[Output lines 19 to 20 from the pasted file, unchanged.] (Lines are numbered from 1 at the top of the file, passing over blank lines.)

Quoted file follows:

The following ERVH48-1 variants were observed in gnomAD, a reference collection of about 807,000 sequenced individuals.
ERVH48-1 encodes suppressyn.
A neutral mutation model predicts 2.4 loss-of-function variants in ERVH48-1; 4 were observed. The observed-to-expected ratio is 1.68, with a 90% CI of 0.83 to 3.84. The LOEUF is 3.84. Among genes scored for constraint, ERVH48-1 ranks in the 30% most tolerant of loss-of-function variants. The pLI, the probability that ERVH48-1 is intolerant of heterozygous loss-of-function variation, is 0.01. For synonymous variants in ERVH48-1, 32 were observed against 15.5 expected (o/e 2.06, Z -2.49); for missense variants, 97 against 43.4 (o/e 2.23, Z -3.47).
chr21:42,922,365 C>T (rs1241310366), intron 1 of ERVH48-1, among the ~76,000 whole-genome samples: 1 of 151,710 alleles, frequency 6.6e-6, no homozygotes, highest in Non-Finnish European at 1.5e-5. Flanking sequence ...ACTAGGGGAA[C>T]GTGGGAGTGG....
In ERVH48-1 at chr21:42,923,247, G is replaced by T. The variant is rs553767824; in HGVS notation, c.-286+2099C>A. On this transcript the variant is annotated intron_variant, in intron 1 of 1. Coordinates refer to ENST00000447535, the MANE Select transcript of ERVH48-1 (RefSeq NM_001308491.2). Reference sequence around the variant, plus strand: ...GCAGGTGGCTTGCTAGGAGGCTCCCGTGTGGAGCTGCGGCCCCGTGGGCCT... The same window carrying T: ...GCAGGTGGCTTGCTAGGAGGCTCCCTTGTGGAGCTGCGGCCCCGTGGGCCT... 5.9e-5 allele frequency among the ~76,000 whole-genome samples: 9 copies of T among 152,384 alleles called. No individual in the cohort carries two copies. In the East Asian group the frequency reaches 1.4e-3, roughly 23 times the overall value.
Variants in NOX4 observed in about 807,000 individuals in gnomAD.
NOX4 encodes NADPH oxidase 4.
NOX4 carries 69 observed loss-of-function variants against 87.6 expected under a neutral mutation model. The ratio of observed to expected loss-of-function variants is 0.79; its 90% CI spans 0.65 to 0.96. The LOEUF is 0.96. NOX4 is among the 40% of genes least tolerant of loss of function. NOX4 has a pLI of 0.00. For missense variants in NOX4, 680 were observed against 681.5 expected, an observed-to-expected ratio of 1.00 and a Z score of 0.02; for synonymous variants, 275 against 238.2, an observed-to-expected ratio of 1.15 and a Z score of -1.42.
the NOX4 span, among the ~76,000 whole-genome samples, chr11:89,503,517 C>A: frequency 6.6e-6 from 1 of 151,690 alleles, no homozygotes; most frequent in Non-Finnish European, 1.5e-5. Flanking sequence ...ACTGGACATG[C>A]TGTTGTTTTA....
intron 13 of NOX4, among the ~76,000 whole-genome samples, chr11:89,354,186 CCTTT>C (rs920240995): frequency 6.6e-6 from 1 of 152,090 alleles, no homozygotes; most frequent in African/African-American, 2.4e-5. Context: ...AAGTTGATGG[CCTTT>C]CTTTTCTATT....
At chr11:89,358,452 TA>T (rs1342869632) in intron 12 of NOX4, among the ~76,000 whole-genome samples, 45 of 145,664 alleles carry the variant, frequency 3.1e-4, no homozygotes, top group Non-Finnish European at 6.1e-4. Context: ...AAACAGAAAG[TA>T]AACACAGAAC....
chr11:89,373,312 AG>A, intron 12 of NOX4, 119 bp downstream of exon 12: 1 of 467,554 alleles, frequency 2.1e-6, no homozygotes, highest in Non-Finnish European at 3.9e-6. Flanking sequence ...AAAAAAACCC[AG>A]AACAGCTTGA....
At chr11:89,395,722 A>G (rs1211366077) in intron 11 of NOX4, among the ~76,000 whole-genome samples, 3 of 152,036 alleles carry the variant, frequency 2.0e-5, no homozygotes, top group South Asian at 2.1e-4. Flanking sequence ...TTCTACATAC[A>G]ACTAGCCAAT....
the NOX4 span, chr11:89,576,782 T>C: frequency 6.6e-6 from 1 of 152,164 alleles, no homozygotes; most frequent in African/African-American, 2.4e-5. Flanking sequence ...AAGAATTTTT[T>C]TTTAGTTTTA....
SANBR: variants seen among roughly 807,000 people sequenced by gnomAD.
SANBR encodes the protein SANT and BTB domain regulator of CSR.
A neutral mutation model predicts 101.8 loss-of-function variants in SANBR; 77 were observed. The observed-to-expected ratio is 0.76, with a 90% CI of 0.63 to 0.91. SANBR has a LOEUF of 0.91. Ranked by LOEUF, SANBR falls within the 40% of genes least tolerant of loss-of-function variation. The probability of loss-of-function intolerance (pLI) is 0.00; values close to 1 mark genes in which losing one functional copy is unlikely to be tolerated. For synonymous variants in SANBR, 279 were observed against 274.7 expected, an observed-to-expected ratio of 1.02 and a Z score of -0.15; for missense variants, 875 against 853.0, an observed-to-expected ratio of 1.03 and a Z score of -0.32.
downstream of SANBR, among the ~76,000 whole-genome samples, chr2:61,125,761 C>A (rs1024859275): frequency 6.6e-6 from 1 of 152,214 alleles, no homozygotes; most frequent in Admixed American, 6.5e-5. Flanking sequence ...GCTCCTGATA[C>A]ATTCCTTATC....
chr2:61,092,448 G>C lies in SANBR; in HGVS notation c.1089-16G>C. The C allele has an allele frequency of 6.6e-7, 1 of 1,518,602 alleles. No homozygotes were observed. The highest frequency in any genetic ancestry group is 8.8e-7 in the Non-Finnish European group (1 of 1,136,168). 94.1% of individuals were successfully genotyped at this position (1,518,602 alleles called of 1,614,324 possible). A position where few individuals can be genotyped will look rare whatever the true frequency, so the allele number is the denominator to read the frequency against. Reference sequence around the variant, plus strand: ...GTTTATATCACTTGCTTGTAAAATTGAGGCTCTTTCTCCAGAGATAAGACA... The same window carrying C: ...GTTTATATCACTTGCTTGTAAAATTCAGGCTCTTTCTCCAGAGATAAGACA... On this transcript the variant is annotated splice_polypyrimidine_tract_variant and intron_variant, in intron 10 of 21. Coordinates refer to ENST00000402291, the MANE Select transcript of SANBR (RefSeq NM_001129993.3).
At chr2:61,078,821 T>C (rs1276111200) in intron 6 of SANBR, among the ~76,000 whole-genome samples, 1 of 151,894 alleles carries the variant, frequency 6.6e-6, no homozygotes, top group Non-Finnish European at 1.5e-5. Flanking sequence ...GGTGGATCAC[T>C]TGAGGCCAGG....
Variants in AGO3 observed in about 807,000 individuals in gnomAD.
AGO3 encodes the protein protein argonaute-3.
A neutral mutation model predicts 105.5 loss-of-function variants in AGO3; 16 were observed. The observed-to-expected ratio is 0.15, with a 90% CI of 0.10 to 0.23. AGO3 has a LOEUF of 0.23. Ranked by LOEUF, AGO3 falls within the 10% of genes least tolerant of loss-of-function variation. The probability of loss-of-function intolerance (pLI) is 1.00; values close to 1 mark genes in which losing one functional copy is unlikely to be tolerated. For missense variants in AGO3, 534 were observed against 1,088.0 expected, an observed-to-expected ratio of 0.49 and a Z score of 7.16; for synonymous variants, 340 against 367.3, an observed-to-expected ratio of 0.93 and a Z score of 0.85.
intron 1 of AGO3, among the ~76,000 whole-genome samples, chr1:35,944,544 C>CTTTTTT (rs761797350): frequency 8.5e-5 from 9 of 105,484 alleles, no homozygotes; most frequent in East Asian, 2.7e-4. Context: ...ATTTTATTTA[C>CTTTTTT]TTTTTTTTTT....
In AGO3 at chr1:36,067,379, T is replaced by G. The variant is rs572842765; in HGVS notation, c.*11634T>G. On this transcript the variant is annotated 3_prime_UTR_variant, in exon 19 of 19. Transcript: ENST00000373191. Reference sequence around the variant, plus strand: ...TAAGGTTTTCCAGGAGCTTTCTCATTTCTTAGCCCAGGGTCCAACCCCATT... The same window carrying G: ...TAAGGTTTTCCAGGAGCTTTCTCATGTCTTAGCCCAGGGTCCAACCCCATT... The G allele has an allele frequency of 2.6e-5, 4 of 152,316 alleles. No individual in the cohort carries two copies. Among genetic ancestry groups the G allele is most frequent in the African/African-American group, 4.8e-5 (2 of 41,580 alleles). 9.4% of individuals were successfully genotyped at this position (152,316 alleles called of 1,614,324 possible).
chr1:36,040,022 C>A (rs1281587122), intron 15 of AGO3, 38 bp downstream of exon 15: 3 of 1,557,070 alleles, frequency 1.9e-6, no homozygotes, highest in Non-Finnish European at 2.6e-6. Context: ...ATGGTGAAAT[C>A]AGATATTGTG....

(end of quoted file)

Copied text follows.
chr2:61,092,448 G>C lies in SANBR; in HGVS notation c.1089-16G>C. The C allele has an allele frequency of 6.6e-7, 1 of 1,518,602 alleles. No homozygotes were observed. The highest frequency in any genetic ancestry group is 8.8e-7 in the Non-Finnish European group (1 of 1,136,168). 94.1% of individuals were successfully genotyped at this position (1,518,602 alleles called of 1,614,324 possible). A position where few individuals can be genotyped will look rare whatever the true frequency, so the allele number is the denominator to read the frequency against. Reference sequence around the variant, plus strand: ...GTTTATATCACTTGCTTGTAAAATTGAGGCTCTTTCTCCAGAGATAAGACA... The same window carrying C: ...GTTTATATCACTTGCTTGTAAAATTCAGGCTCTTTCTCCAGAGATAAGACA... On this transcript the variant is annotated splice_polypyrimidine_tract_variant and intron_variant, in intron 10 of 21. Coordinates refer to ENST00000402291, the MANE Select transcript of SANBR (RefSeq NM_001129993.3).
At chr2:61,078,821 T>C (rs1276111200) in intron 6 of SANBR, among the ~76,000 whole-genome samples, 1 of 151,894 alleles carries the variant, frequency 6.6e-6, no homozygotes, top group Non-Finnish European at 1.5e-5. Flanking sequence ...GGTGGATCAC[T>C]TGAGGCCAGG....